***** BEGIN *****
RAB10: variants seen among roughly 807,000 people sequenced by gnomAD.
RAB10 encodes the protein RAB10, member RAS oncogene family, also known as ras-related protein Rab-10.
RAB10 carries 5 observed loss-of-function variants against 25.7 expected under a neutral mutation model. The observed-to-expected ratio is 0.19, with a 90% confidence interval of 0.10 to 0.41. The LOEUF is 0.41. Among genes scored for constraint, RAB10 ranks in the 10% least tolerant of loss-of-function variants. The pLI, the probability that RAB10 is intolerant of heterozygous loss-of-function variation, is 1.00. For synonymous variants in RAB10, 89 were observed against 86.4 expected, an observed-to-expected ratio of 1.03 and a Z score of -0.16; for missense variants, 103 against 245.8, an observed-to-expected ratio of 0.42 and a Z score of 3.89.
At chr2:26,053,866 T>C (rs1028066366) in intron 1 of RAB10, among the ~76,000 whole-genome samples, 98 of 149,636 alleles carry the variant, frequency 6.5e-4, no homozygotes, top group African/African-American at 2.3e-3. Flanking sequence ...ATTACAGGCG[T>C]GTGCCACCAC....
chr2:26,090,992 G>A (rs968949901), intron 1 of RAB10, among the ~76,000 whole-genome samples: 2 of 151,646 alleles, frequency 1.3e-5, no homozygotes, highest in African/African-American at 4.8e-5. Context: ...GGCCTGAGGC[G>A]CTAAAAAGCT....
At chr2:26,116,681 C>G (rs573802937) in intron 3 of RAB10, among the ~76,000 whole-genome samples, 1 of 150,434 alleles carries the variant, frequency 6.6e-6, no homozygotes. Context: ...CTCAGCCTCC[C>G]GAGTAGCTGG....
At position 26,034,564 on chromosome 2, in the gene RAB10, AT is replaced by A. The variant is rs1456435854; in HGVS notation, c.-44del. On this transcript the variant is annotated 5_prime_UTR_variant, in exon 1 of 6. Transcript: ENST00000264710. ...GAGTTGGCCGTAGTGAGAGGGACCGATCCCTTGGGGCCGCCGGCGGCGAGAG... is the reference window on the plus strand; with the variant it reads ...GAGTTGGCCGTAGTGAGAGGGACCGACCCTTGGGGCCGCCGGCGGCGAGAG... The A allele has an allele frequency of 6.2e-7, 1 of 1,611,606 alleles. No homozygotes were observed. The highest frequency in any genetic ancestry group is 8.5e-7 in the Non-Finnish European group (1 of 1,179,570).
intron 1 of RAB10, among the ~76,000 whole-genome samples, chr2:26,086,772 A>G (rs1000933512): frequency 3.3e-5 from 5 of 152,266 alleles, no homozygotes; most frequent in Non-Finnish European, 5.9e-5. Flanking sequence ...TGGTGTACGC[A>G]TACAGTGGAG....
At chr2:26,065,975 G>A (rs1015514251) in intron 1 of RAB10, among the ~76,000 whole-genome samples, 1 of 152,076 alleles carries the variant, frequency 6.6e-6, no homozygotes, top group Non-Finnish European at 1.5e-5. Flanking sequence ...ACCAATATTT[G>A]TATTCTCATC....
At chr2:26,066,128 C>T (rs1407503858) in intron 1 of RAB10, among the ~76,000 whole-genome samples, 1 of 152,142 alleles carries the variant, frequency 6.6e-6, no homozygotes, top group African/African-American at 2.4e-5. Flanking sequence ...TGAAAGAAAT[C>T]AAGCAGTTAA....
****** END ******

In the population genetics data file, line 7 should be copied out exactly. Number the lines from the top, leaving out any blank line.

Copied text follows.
At position 26,034,564 on chromosome 2, in the gene RAB10, AT is replaced by A. The variant is rs1456435854; in HGVS notation, c.-44del. On this transcript the variant is annotated 5_prime_UTR_variant, in exon 1 of 6. Transcript: ENST00000264710. ...GAGTTGGCCGTAGTGAGAGGGACCGATCCCTTGGGGCCGCCGGCGGCGAGAG... is the reference window on the plus strand; with the variant it reads ...GAGTTGGCCGTAGTGAGAGGGACCGACCCTTGGGGCCGCCGGCGGCGAGAG... The A allele has an allele frequency of 6.2e-7, 1 of 1,611,606 alleles. No homozygotes were observed. The highest frequency in any genetic ancestry group is 8.5e-7 in the Non-Finnish European group (1 of 1,179,570).